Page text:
“Yet whilst Nadal may tick all the boxes when it comes to sportsmanship…” Seriously? I didn’t follow Nadal closely just only when he played my fav. So I’d been neutral about him up until what happened at WTF 2010 vs Berdych.

    Here’s what happened to Berdych (who was playing well in the zone up until that point, well honestly he was going to lose the match anyway 😉 )

    Berdych was f* by Nadal and the umpire at the same time.

    1. Nadal raised hand as if he stopped the point; a second later (or almost simultaneously) Carlos overruled ‘Out’

    2. Berdych argued saying Nadal challenged.

    3. Carlos told Berdych “You can challenge” (the Umpire’s overrule).

    4. Hawkeyes showed the point was ‘In’, Carlos gave the point to Berdych.

    5. Nadal was furious because it should be replay, as Berdych challenged the umpire. They were arguing for a very long time.

    6. Nadal said in the press conference afterwards that he didn’t challenge, he continued playing the point (with his back turning towards Berdych and one hand up to keep balance perhaps?)

    It was Carlos’s fault to letting the argument out of control > Nadal’s fault in this scenario but it’s Nadal’s press conference afterwards that pissed me off… Seriously, he believed he was continuing playing the point, Youtube existed, no?

  2. June 29, 2011 4:37 am

    ^
    ^
    Opps sorry for lengthy post which is quite not relevant to the ill-timed MTO.

  3. June 29, 2011 4:44 am

    @cbfowler “Nadal’s Dr just said foot scare caused by too tight tape-job, which Rafa mistook for injury. No concern for semi v Fish.”

    Don’t tell Delpo.

  4. Eugene steenackers permalink
    June 29, 2011 8:59 pm

    Great article. I don’t understand that the press always takes Nadal his words for granted.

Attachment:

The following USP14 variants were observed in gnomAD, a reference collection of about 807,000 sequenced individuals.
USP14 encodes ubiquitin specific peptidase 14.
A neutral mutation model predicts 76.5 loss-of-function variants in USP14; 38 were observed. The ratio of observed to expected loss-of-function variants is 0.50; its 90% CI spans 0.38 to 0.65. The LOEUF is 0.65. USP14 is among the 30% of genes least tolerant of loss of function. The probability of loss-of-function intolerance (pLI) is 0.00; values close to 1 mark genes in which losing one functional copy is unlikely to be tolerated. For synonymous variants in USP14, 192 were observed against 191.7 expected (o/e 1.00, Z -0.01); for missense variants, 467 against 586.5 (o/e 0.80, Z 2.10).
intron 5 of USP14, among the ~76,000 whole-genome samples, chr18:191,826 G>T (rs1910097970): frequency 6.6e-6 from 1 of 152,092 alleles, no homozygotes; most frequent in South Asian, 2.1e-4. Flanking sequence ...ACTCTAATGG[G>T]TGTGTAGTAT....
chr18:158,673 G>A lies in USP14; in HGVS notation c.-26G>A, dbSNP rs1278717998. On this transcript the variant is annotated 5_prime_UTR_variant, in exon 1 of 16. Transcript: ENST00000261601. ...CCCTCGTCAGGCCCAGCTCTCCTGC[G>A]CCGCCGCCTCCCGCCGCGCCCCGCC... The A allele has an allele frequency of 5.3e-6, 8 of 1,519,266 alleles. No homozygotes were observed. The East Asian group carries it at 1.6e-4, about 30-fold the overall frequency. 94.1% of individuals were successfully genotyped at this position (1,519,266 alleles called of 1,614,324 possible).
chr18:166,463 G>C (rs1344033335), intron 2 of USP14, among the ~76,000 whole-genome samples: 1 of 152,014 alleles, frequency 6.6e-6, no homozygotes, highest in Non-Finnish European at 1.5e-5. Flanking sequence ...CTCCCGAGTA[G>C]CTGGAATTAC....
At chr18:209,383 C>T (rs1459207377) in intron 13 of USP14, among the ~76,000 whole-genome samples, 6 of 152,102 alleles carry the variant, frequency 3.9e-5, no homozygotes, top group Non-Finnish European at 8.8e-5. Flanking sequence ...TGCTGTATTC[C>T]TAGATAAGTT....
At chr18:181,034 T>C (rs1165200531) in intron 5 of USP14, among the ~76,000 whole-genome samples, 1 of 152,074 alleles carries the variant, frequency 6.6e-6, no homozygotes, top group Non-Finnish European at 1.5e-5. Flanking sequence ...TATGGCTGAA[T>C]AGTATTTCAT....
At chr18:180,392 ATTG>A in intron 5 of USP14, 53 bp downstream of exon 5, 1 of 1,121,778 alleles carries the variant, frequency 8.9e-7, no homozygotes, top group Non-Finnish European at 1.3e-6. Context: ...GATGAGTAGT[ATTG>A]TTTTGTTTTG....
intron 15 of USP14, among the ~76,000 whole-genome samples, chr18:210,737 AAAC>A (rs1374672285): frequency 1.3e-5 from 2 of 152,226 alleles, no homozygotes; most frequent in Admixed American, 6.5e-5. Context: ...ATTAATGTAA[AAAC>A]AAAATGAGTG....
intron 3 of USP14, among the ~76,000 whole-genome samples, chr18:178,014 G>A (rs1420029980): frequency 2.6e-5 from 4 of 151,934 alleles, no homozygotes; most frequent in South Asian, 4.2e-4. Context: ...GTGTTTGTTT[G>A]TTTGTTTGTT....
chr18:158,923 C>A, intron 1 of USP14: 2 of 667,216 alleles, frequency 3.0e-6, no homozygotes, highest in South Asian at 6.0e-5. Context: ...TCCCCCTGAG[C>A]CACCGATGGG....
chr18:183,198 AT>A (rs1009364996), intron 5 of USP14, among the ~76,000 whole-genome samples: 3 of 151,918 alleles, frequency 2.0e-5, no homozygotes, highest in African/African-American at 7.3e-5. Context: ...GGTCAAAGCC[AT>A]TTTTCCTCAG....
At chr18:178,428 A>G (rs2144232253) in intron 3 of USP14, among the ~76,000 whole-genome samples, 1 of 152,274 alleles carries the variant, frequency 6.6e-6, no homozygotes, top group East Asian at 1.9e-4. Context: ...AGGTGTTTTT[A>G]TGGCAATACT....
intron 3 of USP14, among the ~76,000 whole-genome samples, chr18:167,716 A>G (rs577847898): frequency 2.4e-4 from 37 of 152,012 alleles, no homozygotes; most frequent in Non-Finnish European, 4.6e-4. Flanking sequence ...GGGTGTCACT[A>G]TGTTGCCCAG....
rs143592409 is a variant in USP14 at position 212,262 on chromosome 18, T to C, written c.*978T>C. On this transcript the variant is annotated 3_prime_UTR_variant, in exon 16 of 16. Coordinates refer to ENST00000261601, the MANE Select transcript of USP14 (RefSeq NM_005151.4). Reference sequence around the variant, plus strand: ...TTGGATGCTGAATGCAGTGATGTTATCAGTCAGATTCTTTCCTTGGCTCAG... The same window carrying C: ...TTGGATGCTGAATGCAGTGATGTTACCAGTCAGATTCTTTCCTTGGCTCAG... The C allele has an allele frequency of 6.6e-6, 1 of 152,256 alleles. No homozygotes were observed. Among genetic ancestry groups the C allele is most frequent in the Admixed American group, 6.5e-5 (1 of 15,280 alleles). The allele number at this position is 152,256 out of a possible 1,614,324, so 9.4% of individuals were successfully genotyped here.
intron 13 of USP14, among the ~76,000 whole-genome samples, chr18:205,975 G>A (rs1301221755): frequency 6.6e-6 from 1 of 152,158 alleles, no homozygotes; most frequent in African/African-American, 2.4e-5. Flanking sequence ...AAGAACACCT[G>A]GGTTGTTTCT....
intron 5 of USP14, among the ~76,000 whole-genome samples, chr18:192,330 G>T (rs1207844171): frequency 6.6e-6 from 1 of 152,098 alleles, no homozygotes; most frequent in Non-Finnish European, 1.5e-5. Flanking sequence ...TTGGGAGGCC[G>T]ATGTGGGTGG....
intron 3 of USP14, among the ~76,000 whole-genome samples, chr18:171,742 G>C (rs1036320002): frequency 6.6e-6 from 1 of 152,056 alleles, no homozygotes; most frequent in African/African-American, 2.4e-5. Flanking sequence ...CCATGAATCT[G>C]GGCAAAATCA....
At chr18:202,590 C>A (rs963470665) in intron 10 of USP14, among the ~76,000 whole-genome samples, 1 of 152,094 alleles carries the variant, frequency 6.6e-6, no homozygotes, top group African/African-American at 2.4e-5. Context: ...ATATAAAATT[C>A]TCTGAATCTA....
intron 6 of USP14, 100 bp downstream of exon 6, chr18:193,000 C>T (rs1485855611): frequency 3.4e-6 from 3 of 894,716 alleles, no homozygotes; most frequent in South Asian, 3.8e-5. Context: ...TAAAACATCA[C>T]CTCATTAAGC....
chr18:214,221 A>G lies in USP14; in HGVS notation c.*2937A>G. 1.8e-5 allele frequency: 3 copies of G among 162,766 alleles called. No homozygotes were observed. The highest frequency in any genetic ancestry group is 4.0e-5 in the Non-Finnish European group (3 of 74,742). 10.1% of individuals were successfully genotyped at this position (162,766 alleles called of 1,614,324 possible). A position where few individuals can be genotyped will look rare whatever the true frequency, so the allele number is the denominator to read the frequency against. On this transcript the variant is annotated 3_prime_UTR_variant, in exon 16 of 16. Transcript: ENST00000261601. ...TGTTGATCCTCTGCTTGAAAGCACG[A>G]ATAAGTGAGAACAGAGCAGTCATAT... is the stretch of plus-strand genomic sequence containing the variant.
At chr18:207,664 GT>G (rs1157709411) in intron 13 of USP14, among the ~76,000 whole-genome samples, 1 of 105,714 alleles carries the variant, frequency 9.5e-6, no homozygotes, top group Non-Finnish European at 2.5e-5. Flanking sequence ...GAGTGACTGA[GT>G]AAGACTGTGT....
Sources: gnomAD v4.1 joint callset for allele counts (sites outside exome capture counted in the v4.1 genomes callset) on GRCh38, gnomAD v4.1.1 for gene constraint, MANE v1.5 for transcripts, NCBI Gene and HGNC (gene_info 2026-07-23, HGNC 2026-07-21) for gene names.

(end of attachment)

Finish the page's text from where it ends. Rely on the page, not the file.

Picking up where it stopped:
Spread the word (this article)

  5. phc permalink
    July 2, 2011 2:08 pm

    Its not just the injury timeouts, it is the constant violation of the time allowed between points. Why is this allowed to continue. He obviously has no respect for the rules of the game. He shows no repsect for his opponent or the umpire by keeping both waiting for the coin toss and start of the match. Also there is the completely unnecessary shows of aggression clenching his fists and glaring straight at his opponent. Most players gee themselves up but I haven’t seen anyone else behave like this.

  6. niamh permalink
    July 9, 2011 8:52 am

    This article is very selective in not mentioning that when Rafa crunched due to the pain in his foot he had set point, he didn’t just decide to run to his chair just before the tie-break because he somehow knew that Delpo was psyched up for the tie-break, indeed as if Nadal wasn’t. Delpo wasn’t leading in the match at that point, they were exactly level, hence the tie-break. Delpo actually took an MTO right in the middle of Rafa’s service game in the same match, but no mention of that.

    No one wrote any articles about the fact that when Rafa was 2 sets to 1 down against Isner in the 1st round of his precious RG he did not take an MTO, nor when he was 1 set and 1-5 down to Lorenzi in Rome on his precious clay to a player well outside the top 100. Had he lost either of those matches, it would have been catastrophic for his reputation as the King of Clay, but he didn’t. No one ever mentions that Rafa regularly concedes bad line calls even at the most critical points in a match like against Lorenzi.

    The fact is, Nadal detractors are just disappointed that he beat Delpo, that’s all there is to it.

  7. Logic permalink
    July 16, 2011 9:04 pm

    I agree completely with this post. I really do like Rafa, I think he’s a great tennis player, but he calls MTO’s at the most inappropriate times during the matches. It’s ridiculous.